Inspections, Compliance, Enforcement, and Criminal Investigations
De Saegher Cattle LLC 4/19/12
Department of Health and Human Services
|Public Health Service|
Food and Drug Administration
April 19, 2012
Barthel J A De Saegher, Owner
De Saegher Cattle LLC
8068 W. Buchanan Road
Middleton, Michigan 48856
Dear Mr. De Saegher:
On March 20, 21, and 28, 2012, the U.S. Food and Drug Administration (FDA) conducted an investigation of your dairy operation located at 8068 W. Buchanan Road, Middleton, Michigan 48856. This letter notifies you of the violations of the Federal Food, Drug, and Cosmetic Act (the FD&C Act) that we found during our investigation of your operation. You can find the FD&C Act and its associated regulations on the Internet through links on FDA's web page at www.fda.gov.
We found that you offered for sale an animal for slaughter as food that was adulterated. Under section 402(a)(2)(C)(ii) of the FD&C Act, 21 U.S.C. § 342(a)(2)(C)(ii), a food is deemed to be adulterated if it bears or contains a new animal drug that is unsafe under section 512 of the FD&C Act, 21 U.S.C. § 360(b). Further, under section 402(a)(4) of the FD&C Act, 21 U.S.C. § 342(a)(4), a food is deemed to be adulterated if it has been held under insanitary conditions whereby it may have been rendered injurious to health.
Specifically, our investigation revealed that on or about July 22, 2011 you sold a cow identified with ear tag number (b)(4) and back tag (b)(4) for slaughter as food. On or about July 22, 2011, (b)(4) slaughtered this animal. United States Department of Agriculture, Food Safety and Inspection Service (USDA/FSIS) analysis of liver tissue collected from this animal identified the presence of sulfadimethoxine at a level of 0.287 parts per million (ppm). FDA has established a tolerance of 0.1 ppm for residues of sulfadimethoxine in the liver tissue of cattle as codified in Title 21, Code of Federal Regulations (C.F.R.), Section 556.640 (21 C.F.R. 556.640). The presence of this drug in the edible tissue of this animal in this amount causes the food to be adulterated under section 402(a)(2)(C)(ii) of the FD&C Act, 21 U.S.C. § 342(a)(2)(C)(ii).
Our investigation also found that you hold animals under conditions that are so inadequate that medicated animals bearing potentially harmful drug residues are likely to enter the food supply. For example, you failed to maintain complete treatment records.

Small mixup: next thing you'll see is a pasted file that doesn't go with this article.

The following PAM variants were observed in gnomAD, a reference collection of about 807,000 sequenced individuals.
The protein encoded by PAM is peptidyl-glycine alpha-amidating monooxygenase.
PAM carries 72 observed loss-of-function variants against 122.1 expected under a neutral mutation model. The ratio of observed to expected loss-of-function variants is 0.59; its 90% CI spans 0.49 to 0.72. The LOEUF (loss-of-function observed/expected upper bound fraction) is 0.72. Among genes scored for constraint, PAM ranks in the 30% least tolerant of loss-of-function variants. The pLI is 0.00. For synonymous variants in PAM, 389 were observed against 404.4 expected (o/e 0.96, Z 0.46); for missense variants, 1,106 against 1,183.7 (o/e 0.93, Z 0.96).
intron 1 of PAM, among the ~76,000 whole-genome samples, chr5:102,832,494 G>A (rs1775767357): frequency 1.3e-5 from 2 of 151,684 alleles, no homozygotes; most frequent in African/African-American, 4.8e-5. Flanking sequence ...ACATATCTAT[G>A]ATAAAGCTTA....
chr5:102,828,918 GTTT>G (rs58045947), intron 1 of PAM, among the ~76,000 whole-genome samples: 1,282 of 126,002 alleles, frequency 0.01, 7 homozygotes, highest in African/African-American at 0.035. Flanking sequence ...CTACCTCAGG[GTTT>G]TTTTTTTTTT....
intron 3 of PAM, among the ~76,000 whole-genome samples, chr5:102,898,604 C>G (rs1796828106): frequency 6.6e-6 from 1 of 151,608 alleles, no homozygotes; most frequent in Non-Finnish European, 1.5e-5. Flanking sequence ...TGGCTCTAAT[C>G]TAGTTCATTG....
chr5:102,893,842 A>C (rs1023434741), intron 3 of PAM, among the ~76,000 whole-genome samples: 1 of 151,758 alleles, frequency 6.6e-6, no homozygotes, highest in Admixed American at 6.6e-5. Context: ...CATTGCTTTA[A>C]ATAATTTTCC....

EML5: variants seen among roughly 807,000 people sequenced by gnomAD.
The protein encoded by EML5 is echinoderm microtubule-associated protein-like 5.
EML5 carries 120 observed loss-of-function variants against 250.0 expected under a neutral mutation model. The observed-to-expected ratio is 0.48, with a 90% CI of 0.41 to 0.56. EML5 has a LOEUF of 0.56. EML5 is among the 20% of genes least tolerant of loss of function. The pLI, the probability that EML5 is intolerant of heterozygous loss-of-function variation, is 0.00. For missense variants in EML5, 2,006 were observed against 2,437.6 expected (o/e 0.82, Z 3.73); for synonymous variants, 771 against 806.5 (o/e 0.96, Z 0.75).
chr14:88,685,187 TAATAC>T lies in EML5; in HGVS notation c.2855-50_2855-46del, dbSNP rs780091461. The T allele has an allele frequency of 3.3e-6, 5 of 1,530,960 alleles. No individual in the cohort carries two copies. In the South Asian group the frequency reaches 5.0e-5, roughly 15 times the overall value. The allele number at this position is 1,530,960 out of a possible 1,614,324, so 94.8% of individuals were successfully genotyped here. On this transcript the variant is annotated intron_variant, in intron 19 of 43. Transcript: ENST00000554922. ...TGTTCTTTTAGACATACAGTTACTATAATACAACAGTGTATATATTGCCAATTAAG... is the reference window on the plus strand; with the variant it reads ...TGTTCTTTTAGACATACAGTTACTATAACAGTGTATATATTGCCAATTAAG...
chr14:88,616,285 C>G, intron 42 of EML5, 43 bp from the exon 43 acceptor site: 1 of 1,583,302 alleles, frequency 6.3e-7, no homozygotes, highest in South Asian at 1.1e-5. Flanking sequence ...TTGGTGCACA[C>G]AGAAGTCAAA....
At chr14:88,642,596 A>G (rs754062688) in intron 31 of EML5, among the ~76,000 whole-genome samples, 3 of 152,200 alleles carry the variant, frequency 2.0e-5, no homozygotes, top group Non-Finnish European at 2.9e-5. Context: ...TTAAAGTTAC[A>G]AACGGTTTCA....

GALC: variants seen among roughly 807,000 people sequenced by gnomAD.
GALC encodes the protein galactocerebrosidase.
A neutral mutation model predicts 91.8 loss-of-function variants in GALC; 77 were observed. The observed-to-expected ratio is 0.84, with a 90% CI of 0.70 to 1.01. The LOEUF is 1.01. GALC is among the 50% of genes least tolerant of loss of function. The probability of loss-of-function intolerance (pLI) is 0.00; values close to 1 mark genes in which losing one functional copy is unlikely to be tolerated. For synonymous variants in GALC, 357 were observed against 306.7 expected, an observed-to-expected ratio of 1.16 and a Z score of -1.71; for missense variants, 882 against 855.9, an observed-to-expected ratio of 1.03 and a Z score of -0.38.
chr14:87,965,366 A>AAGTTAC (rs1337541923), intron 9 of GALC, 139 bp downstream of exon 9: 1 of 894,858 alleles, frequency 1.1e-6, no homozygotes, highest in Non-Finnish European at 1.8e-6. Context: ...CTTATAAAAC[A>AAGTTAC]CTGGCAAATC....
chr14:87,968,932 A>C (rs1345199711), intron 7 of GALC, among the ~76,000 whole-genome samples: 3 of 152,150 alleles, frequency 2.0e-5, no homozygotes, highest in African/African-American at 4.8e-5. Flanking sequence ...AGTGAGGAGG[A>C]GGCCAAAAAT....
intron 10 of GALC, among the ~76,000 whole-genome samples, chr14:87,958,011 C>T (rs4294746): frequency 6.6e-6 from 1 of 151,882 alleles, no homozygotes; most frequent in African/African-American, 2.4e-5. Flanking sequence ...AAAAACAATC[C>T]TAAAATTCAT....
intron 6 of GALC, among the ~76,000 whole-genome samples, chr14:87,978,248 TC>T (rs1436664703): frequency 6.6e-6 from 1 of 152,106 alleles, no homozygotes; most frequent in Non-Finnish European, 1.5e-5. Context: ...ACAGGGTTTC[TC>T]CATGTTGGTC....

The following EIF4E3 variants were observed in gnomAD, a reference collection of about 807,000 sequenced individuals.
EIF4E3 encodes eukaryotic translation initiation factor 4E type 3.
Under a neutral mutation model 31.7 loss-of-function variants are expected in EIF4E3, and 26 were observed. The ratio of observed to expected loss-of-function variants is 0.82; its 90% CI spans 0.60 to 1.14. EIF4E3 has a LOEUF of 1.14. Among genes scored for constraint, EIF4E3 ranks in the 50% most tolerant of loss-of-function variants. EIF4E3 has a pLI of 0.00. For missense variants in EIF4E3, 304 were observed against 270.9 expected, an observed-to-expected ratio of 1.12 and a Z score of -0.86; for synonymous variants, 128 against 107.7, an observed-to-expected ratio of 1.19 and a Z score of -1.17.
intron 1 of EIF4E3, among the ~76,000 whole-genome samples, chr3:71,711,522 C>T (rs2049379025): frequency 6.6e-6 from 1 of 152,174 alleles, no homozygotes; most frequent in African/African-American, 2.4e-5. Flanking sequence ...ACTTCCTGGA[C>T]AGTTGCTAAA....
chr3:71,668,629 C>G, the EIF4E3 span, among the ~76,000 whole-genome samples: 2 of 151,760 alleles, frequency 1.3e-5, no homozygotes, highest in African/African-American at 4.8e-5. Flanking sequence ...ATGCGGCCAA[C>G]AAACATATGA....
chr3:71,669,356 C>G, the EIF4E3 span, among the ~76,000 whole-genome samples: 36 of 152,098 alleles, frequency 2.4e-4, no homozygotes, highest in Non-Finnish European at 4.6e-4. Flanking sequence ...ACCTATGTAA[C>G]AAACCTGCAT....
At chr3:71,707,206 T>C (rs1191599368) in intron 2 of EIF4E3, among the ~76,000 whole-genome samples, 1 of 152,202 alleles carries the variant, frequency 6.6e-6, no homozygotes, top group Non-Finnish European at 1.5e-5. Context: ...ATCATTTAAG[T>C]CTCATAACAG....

Food from animals held under such conditions is adulterated within the meaning of section 402(a)(4) of the FD&C Act, 21 U.S.C. § 342(a)(4).
The above is not intended to be an all-inclusive list of violations. As a producer of animals offered for use as food, you are responsible for ensuring that your overall operation and the food you distribute is in compliance with the law.
We acknowledge receipt of your written response dated March 28, 2012 regarding the FDA 483 Inspectional Observations issued to you at the close of the above inspection. Your response states that the dosing of the above animal was accidental and that you corrected this violation by removing the sulfadimethoxine drug from your farm. You also explained that you have put a new system in place that will include recording the diagnosis of the animal, drug administered, dosage, and route of administration. Additionally, you state that you have implemented a new system for the control of expired drugs, drug tracking and methods of dosage. However, we were unable to verify the corrections identified in your response because no actual documentation of these corrections was provided. For example your response did not include a copy of your new medication records or of the new system you described.
You should take prompt action to correct the violations described in this letter and to establish procedures to ensure that these violations do not recur. Failure to do so may result in regulatory action without further notice such as seizure and/or injunction.
You should notify this office in writing of the steps you have taken to bring your firm into compliance with the law within fifteen (15) working days of receiving this letter. Your response should include each step that has been taken or will be taken to correct the violations and prevent their recurrence. If corrective action cannot be completed within fifteen (15) working days of receiving this letter, state the reason for the delay and the time frame within which the corrections will be completed. Please include copies of any available documentation demonstrating that corrections have been made.
Your written response should be sent to Michael V. Owens, Compliance Officer, U.S. Food and Drug Administration, 300 River Place, Suite 5900, Detroit, Michigan 48207. If you have any questions about this letter, please contact Compliance Officer Owens at (313) 393-8167 or by email at email@example.com.
Glenn T. Bass
Detroit District Office